September 7, 2008 | Filed Under Uncategorized
If Mount Fuji didn’t exist, the Japanese would build it anyway. I’ll leave it at that.
This stratovolcano juts out of the western edge of the Kanto plain, asserting itself as the highest peak in the Japanese archipelago. And for reasons lost in the mists of a climb up Mt Daisen, we have come here to climb and renew our vows on the tenth anniversary of our wedding.
The north side of the mountain is divided into nine stages, one every six or seven hundred feet vertical. The masses disgorge from their cars and buses at the 5th station on the north side, having taken the Fuji Subaru Line highway up to 7500 feet. Few care that they stand at what was the summit of Fuji’s precursor, Mt Komitake, which was active 100,000 years ago. Then 25,000 years ago Mt Kofuji erupted from Komitake’s southern flank, to form a double-cratered mountain. Mt Shinfuji, the present mountain, erupted around 10,000 years ago. It stood on the shoulders of its parents and engulfed the pair. Young Fuji is an ambitious upstart.
We plan to climb from the bottom.The traffic noise closes behind us as we walk through the tall cedars that line the entrance to Asama shrine. The gods appeased, we make our way along the road through the jukai, the sea of trees, which lay thick on Fuji’s lower slopes. The forest looks peaceful and lush; it hides its reputation as the suicide capital of Japan, and the old legends of tortured spirits which await those that set so much as a foot inside it.
The sun is low in the sky as we reach the first stage of the mountain, marked by a shinto tori and guarded by two stone monkeys, who crouch on their plinths with palms pressed piously together and watch us pass with doleful eyes. This is the old route up Fuji, the one which served for generations before the highway was built. The path cuts up through the forest, eroded so deeply by the feet of passing pilgrims over the centuries that it lies a good six feet below the forest floor. The old paving survives in parts, flat stones pressed elegantly together. The sky darkens, and the forest closes in. Presently our world collapses to the beam of our headlamps. If Yuka is nervous, she doesn’t show it. She’s keeping pace; I’ve loaded 15kg into my pack to slow me down, and it seems to be working.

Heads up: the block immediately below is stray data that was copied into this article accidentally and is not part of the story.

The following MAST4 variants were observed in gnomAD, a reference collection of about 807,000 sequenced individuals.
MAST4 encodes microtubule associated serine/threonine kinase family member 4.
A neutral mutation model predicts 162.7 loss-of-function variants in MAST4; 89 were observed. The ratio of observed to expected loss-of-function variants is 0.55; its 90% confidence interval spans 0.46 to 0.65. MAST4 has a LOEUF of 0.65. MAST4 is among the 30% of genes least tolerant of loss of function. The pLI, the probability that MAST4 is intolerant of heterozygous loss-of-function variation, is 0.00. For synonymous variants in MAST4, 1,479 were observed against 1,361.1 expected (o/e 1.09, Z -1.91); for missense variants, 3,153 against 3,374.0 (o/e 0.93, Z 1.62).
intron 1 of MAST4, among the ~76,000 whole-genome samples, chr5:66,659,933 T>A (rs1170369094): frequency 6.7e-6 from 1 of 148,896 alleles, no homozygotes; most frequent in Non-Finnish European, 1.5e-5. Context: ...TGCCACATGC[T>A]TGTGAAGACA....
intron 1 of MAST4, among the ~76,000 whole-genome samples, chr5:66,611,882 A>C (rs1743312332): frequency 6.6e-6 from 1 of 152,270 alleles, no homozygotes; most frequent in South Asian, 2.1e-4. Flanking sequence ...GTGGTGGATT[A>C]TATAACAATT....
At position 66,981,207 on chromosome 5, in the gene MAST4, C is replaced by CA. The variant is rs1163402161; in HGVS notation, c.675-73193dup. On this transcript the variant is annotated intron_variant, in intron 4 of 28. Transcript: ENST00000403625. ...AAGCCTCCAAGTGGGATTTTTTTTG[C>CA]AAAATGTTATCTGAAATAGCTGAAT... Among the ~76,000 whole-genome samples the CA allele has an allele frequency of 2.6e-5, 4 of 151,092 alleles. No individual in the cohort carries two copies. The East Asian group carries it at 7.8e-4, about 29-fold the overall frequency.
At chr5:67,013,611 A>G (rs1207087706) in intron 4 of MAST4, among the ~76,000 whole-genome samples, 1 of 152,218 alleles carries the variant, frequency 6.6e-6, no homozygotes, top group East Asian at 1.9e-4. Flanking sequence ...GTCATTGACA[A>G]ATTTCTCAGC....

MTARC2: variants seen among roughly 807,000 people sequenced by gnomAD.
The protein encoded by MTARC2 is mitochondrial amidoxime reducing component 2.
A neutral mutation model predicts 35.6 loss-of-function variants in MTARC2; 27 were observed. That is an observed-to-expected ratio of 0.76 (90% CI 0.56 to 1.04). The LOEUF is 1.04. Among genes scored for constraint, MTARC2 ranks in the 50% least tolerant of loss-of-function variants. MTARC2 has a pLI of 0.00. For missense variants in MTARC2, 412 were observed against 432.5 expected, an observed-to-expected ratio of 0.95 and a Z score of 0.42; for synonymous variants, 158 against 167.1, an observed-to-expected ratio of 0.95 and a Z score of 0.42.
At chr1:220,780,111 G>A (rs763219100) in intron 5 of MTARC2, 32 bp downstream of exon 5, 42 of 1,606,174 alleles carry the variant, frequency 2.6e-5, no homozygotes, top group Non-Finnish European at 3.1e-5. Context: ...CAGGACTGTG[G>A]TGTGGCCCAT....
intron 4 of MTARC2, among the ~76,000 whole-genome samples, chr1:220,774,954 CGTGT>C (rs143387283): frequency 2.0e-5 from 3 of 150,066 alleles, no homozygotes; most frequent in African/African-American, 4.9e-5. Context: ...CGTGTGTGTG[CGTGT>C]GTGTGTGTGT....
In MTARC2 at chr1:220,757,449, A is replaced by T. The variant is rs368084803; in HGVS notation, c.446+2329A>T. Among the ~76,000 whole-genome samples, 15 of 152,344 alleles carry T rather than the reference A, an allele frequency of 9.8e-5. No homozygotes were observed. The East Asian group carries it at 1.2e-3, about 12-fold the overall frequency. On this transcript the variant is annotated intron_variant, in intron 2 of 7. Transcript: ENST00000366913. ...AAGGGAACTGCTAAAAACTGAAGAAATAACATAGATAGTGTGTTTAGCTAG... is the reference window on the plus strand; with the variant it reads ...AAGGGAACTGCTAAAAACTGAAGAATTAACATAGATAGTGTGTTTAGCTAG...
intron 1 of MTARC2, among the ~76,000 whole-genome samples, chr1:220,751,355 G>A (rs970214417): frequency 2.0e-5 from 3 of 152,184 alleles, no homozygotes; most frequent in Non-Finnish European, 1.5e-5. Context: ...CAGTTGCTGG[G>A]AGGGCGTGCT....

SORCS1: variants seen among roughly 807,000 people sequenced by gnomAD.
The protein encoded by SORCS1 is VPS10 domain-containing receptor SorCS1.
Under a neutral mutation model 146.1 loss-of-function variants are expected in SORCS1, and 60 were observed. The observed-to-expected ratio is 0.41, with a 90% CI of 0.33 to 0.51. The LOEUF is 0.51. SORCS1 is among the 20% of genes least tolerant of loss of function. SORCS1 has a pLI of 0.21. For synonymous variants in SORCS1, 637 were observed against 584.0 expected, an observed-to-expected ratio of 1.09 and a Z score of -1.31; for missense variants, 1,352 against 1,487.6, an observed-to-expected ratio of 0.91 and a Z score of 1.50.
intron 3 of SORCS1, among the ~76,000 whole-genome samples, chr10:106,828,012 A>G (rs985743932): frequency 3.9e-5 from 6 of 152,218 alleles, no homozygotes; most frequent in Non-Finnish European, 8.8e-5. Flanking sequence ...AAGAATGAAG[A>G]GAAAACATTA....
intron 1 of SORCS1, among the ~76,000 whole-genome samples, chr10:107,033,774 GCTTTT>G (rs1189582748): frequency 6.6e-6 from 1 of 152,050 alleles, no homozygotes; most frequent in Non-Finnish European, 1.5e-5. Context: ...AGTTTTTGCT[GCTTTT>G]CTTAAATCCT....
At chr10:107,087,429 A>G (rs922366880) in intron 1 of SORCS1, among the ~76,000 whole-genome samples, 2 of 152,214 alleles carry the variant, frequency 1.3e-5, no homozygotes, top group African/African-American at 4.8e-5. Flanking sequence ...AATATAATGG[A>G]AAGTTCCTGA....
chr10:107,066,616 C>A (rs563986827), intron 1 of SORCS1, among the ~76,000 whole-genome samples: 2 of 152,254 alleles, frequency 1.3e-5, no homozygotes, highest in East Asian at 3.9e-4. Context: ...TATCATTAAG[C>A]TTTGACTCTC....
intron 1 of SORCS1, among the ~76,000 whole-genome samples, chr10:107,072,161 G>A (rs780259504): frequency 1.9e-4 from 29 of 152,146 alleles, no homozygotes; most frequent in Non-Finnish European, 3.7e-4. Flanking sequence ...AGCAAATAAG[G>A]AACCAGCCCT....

By 9pm we are at the sixth stage, and we see the first signs of other life on the mountain. A steady trickle of headlamps are making their way up from the fifth stage at the end of the highway. Officially it’s closed season on Fuji, but the huts stay open until mid September anyway; the volume of climbers is many times less than high season as a result.
The sky is clear and a soft wind blows from the south-west. The lights of Yoshino and Kawaguchi town flicker far below us now as we take a short break. Shooting stars flit through the blackness, and I can feel Fuji’s mass looming over us in the blackness. On through the night we climb, more climbers pressing onto the trail as they arrive at the fifth station, or turn out of the huts along the mountain where they have been catching some sleep. The trail switches back and forth, and each turn looks like a battlefield. The dying lie motionless at the edge of the track, some doubled over trying to catch their breath in the thinning air. Up, up we climb, and I am racing over the rocks trying to circumvent the traffic jams caused by slow moving groups. Yuka has fallen behind; I stop and wait. She won’t let me carry her pack. “I brought it, I’ll carry it”, she says.
By 3am we are in sight of the summit. Yuka is spent. No amount of energy gel or chocolate covered almond bribery is going to help. It’s between her and the mountain. She hasn’t slept in 22 hours and is beginning to cough with the altitude.
“Does anywhere hurt?”, I ask.
“My soul”, she replies. And yet she puts foot in front of foot, and somehow, as the sky lightens before dawn, she makes the summit of Fuji. I’m very proud.
I wrap her in the sleeping back I’ve carried up, and make her a giant cup of konbu tea. As dawn finally breaks we exchange our vows once again and watch the sun come up through the sea of clouds which lie across the Kanto plain. Ten years has passed so quickly. I look at my wedding photographs and wonder who I was then. But Yuka just gets more beautiful by the day.
A few hours later we start the long descent, an interminably slippery switchback to the fifth stage where we look with envy at those heading back to their cars and buses. Our path still has many miles to go, and once again we are alone on the mountain. We pass the sad, dilapidated huts which once served the traffic from the first to the fifth stage, some little more than a pile of rotting timbers now. Such a contrast to the modern huts above with their solar powered lighting and chemical toilets. Within the space of a few hundred meters we have travelled back several hundred years.
At 1pm, we reach the car, almost 24 hours after setting out. At the nearest hot spring we bathe life back into ourselves and fall into a black sleep before starting the drive back to Tokyo.
“You owe me one, Mister. You’d better write about how well I did, and how much you love me.”
And she’s out the door. On her way to a three day meditation retreat, less than 24 hours after coming off the mountain. Do I need to say more?